as tho owner of tho mills. Ho destined
them to bo a night advertisement of him
self in tho American sky Hut ho was
timid as well ns confident Soon nfter
wanl, ns ho was retiring, when tho porter
offered to press his trousers ho weakly
consented. Ho did not want Mi trousers
pressed, but ho feared the opinion of tho
porter in case of a refusal.
Of courso the celebrated New York
skyline was in waiting. Kirby saw it
from tho ferryboat in tlio gray morning.
It does not nppenr from tlio description
that its mr.jesty lias been impaired. Kirby
had toast and eggs and coffeo in a res
taurant sheathed with marble and
looking glass. Ho found a boarding
place. Tho story describes the bonrders.
it describes also Kirby's experiences
when ho tried to lie a reporter nnd when
ho was u clerk. Tlio drudgery of a
clerk's llfo Is dwelt upon. Tho wife of
young Ferguson, a clerk, was so ot-
i pressed by the monotony of her llfo that
I she burned thn horsehair furniture os n
protest, Old rerguson died of n "stroko'
To students of thn law and such law
yers us find time to inquire Into tho his
tory of their science thn uppenrnnco of
Edward Jenks's "A Short History of the
Common Law" (Little, Brown and Com
pany) will bo a noteworthy event. No
Mlnrii r,,m t t.tl utt I n t li.rlt ..r.nl.l Iw. f..mwl
to .leal with the subject in England, nor I "l Work; h" !'.ltl imn olfr1' for
one who could be better trusted to bo ' flTTf"1"" y(,ar?' n"c,ei w,mt wo
lucid in his statements. To tell the story ! think Is nn nnnchronism; it does not seem
of the law in a single volunio of moderate 1 1 - 1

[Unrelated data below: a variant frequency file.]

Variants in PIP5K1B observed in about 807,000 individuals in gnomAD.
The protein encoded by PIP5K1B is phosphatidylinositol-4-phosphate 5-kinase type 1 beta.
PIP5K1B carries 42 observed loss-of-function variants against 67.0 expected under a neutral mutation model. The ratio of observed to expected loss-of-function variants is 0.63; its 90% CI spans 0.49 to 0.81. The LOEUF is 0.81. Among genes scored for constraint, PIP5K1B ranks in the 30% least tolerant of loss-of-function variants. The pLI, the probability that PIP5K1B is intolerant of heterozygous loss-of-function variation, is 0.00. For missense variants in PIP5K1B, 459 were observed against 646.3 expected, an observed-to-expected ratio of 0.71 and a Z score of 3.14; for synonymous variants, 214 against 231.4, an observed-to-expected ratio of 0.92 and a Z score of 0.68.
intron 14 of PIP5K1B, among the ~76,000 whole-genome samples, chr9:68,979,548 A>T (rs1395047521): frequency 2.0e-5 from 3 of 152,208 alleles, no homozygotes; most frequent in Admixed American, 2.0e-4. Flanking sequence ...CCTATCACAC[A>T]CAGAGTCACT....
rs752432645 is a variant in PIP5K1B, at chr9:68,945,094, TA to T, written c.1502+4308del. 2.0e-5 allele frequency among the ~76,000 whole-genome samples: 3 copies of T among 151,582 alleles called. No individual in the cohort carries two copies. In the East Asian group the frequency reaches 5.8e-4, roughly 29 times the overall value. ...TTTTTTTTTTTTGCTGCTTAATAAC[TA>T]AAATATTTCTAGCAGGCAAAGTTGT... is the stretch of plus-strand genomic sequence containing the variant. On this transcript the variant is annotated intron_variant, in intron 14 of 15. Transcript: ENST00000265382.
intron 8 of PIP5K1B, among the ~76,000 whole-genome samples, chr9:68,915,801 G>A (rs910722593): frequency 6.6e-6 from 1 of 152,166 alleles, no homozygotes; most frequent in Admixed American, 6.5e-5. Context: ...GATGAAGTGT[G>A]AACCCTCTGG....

size called for great condensation; tlm '
author has succeeded in becuring clear
ness in spitu of this by the skill with which !
where life was hottest, where the speed
was greatest, where power went forth
changing nnd manipulating the world."
Alas! the great J. J. collapsed and Kirby
was out In the world with no prospect but
to marry the daughter of Jordan Wattr,
the first mngnnte in the land.
We marked a passage describing Kirby's
condition after Mary Watts had taken
him for a spin in her automobile. He had
just been set down and had seen her speed
away. The story Fays: "He stood an If
his soul had been stripped naked, a quiv
ering human being in tho dark. The
great primal force of life, the limitless
systole nnd diastole of that power that
makes the suns and planets ebb and flow
and penetrates tho atoms and the mated
animals, the pulsing of that swing of all
the world which Kirby had thus far felt
in dim throbs, but always rid himself of
so that he at last thought ho was free of
it and could go his hard way untroubled
now clutched him, drenched him, pos
sessed him, and hto littlo vain works
crumbled in thnt tremendousness." There
was charming love making on tho cliffs in
Maine. It was hard facing Mary's father.